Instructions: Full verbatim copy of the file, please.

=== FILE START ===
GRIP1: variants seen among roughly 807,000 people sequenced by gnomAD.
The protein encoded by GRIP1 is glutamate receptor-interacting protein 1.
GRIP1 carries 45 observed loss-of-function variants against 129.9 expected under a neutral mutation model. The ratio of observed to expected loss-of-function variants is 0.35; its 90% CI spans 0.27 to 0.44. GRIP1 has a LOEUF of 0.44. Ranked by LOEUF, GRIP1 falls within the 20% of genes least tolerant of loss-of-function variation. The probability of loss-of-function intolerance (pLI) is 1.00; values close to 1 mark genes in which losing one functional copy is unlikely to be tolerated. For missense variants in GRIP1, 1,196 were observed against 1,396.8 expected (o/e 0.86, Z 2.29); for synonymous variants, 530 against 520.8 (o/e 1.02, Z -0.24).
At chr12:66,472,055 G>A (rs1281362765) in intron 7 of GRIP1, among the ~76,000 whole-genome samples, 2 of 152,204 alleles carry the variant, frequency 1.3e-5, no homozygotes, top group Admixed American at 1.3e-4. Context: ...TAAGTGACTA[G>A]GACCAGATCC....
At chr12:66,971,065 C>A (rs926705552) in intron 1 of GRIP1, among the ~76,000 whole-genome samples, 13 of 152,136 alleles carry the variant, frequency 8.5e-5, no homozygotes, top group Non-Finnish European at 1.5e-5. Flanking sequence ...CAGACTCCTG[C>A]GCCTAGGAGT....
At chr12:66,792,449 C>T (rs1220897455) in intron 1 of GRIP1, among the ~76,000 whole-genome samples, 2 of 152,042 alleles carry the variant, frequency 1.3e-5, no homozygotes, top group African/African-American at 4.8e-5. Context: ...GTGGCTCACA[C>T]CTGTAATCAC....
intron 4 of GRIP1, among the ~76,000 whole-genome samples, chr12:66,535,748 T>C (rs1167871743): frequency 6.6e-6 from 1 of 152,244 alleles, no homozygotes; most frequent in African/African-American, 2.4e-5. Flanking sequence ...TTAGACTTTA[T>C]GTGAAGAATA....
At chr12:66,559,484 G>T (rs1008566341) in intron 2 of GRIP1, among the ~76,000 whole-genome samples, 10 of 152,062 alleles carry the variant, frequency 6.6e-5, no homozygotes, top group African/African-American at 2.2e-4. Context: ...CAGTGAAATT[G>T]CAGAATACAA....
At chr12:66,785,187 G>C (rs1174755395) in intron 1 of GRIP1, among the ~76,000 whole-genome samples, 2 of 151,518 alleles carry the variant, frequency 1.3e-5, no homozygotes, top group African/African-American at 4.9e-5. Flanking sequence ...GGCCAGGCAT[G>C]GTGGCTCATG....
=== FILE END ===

GRIP1: variants seen among roughly 807,000 people sequenced by gnomAD.
The protein encoded by GRIP1 is glutamate receptor-interacting protein 1.
GRIP1 carries 45 observed loss-of-function variants against 129.9 expected under a neutral mutation model. The ratio of observed to expected loss-of-function variants is 0.35; its 90% CI spans 0.27 to 0.44. GRIP1 has a LOEUF of 0.44. Ranked by LOEUF, GRIP1 falls within the 20% of genes least tolerant of loss-of-function variation. The probability of loss-of-function intolerance (pLI) is 1.00; values close to 1 mark genes in which losing one functional copy is unlikely to be tolerated. For missense variants in GRIP1, 1,196 were observed against 1,396.8 expected (o/e 0.86, Z 2.29); for synonymous variants, 530 against 520.8 (o/e 1.02, Z -0.24).
At chr12:66,472,055 G>A (rs1281362765) in intron 7 of GRIP1, among the ~76,000 whole-genome samples, 2 of 152,204 alleles carry the variant, frequency 1.3e-5, no homozygotes, top group Admixed American at 1.3e-4. Context: ...TAAGTGACTA[G>A]GACCAGATCC....
At chr12:66,971,065 C>A (rs926705552) in intron 1 of GRIP1, among the ~76,000 whole-genome samples, 13 of 152,136 alleles carry the variant, frequency 8.5e-5, no homozygotes, top group Non-Finnish European at 1.5e-5. Flanking sequence ...CAGACTCCTG[C>A]GCCTAGGAGT....
At chr12:66,792,449 C>T (rs1220897455) in intron 1 of GRIP1, among the ~76,000 whole-genome samples, 2 of 152,042 alleles carry the variant, frequency 1.3e-5, no homozygotes, top group African/African-American at 4.8e-5. Context: ...GTGGCTCACA[C>T]CTGTAATCAC....
intron 4 of GRIP1, among the ~76,000 whole-genome samples, chr12:66,535,748 T>C (rs1167871743): frequency 6.6e-6 from 1 of 152,244 alleles, no homozygotes; most frequent in African/African-American, 2.4e-5. Flanking sequence ...TTAGACTTTA[T>C]GTGAAGAATA....
At chr12:66,559,484 G>T (rs1008566341) in intron 2 of GRIP1, among the ~76,000 whole-genome samples, 10 of 152,062 alleles carry the variant, frequency 6.6e-5, no homozygotes, top group African/African-American at 2.2e-4. Context: ...CAGTGAAATT[G>T]CAGAATACAA....
At chr12:66,785,187 G>C (rs1174755395) in intron 1 of GRIP1, among the ~76,000 whole-genome samples, 2 of 151,518 alleles carry the variant, frequency 1.3e-5, no homozygotes, top group African/African-American at 4.9e-5. Flanking sequence ...GGCCAGGCAT[G>C]GTGGCTCATG....